Demand for New Electric Vans Faltering

Like the retail market for new electric cars, demand for new electric vans by individuals and small businesses has contracted since fuel prices hit their peak last summer. At the start of April, only 6.0% of all new vans looked at on Auto Trader were pure electric, down from 8.8% in the year prior. Even worse, only 1.9% of all new van inquiries sent to retailers were about the zero-emission fuel type. This sharp decline in interest comes at a time when stock availability has risen significantly, with electric vans accounting for 14.6% of all new vans advertised on Auto Trader. There’s no sign of demand improving in the near-term, with only one in three in-market van buyers saying they would consider an EV, down from 54% at the start of 2022. The question is: what’s stopping them from making the switch?

Range Anxiety: The Biggest Barrier for Van Buyers

The largest barrier to entry for van buyers is battery range, with half (49%) of respondents saying they are worried about it. Despite greater choice and availability in the market, this barrier hasn’t diminished over time (Auto Trader on-site survey between 1 Feb – 1 Mar 2023: 2,815 respondents).

Analysis of the technical specifications of a sample of vans reveals that electric variants cannot travel as far as diesel variants on a single charge or tank of fuel. Even the electric vans with the longest battery range cannot cover half the distance of the most fuel-efficient diesel vans. For example, the Ford Transit Custom Travel can travel up to 690 miles on a single tank of diesel, whereas the E-Transit Trend can only travel 158 miles on a single charge.

With the battery range currently unable to meet the needs of many high-mileage van owners, electric van buyers may have to rely on public charging infrastructure. However, as highlighted earlier in the report, this can quickly eliminate any savings on running costs.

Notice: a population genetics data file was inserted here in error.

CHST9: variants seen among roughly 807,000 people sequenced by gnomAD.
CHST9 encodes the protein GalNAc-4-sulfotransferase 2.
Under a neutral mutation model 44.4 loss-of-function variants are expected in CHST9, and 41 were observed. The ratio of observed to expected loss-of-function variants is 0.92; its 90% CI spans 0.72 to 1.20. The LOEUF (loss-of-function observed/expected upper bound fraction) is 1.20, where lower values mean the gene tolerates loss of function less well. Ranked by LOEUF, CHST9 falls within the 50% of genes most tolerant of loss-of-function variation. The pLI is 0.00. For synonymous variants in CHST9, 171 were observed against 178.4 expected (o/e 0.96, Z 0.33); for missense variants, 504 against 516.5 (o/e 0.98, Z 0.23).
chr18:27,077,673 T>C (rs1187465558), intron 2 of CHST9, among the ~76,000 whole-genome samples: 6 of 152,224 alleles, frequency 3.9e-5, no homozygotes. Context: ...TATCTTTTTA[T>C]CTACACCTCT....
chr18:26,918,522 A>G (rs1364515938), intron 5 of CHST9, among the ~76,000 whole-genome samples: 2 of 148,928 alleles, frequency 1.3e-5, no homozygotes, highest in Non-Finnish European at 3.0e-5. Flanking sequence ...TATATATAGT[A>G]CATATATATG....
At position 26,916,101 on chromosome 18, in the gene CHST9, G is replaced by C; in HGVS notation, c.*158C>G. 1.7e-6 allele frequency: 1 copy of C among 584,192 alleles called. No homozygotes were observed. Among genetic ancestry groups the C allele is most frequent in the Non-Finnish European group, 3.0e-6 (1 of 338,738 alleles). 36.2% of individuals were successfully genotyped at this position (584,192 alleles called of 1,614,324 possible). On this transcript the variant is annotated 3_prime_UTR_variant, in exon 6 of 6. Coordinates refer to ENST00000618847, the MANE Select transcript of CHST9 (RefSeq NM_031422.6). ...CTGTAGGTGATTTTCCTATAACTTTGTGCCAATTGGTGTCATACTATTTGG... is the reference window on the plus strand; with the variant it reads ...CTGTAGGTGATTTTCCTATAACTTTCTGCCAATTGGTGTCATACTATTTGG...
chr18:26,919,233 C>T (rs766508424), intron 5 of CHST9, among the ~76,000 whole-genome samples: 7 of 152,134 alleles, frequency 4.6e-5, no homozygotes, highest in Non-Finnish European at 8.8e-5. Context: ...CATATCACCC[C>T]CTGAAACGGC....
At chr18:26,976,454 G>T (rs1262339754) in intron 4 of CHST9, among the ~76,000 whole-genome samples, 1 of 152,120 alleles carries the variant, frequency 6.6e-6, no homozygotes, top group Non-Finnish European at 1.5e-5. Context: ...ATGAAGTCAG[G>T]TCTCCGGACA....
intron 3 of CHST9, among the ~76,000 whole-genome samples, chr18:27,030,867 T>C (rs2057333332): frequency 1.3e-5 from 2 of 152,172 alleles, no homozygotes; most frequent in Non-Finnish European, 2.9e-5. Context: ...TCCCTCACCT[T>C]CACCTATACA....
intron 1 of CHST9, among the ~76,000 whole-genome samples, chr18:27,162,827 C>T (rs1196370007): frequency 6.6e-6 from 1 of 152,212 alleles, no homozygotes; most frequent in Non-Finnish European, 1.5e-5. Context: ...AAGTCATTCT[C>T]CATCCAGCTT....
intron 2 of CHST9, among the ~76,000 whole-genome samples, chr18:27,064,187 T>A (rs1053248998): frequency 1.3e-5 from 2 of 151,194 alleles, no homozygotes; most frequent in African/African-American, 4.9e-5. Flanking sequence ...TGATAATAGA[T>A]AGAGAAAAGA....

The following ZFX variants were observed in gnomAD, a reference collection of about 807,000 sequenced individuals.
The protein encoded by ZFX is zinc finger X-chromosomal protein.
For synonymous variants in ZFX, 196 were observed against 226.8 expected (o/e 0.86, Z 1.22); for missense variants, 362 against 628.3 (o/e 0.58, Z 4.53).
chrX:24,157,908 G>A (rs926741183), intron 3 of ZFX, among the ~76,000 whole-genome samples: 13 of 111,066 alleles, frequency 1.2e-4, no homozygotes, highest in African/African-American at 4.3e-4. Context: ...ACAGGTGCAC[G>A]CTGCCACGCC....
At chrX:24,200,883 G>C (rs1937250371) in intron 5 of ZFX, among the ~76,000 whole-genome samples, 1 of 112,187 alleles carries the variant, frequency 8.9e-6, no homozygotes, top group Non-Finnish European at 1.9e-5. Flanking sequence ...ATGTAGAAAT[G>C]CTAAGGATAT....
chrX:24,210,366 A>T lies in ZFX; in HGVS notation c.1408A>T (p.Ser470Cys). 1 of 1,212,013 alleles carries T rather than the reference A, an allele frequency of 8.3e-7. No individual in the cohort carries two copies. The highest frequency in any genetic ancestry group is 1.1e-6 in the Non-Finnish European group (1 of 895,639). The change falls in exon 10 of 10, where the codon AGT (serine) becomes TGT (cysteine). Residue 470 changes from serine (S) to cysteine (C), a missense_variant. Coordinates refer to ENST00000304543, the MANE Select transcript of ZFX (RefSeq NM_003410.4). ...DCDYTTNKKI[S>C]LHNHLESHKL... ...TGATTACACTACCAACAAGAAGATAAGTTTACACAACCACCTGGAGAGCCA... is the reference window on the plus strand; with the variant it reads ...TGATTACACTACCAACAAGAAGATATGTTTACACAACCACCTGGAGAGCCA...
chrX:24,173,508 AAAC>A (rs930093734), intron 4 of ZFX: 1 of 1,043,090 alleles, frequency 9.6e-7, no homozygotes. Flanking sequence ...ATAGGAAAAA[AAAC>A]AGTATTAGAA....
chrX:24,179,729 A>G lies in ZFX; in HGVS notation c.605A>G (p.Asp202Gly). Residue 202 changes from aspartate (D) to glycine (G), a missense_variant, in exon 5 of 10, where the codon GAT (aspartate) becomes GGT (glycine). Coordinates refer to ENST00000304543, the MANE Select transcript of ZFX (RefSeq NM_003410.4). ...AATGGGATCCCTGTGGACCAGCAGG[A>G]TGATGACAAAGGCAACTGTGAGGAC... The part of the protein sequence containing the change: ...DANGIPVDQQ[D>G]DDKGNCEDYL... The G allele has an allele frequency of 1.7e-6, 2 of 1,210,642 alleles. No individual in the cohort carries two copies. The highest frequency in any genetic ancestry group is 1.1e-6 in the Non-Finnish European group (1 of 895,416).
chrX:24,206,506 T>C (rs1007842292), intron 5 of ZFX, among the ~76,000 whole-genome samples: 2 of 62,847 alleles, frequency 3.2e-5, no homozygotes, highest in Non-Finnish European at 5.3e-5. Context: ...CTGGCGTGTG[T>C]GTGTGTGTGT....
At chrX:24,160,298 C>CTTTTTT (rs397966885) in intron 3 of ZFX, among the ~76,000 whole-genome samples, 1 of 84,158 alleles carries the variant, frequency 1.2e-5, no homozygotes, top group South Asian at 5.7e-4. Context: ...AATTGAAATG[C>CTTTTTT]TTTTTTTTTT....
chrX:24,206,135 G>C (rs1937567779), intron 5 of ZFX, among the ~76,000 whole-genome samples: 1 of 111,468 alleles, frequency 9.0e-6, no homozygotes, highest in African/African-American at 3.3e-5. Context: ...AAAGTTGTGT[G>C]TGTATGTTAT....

Price Gap Persists Despite Increased Availability

The number of new electric van models available to buy in the UK has risen rapidly over recent years. At the start of 2020, there were 6 electric and 40 diesel models on sale by manufacturers. Now, there are 31 electric models, only seven fewer than diesel. At this rate of growth, the number of electric van models is set to overtake the number of diesel models in the next year. However, manufacturers will need to focus on producing a variety of body types to maintain the existing level of choice, as 32 of the 38 electric models are panel-based.

Another barrier stopping van buyers from making the switch to electric is price, with more than one in three thinking that electric options are more expensive than petrol or diesel equivalents. Based on the recommended retail prices of the new vans on offer, electric vans are, on average, 46% more expensive than their diesel equivalents on a like-for-like basis. Worryingly, this trend hasn’t improved since 2020. This green premium means that buyers looking for a new van under £30k will be hard-pressed to find an electric model, with three times more internal combustion engine models available than electric in this price bracket (8 electric models vs. 27 electric models).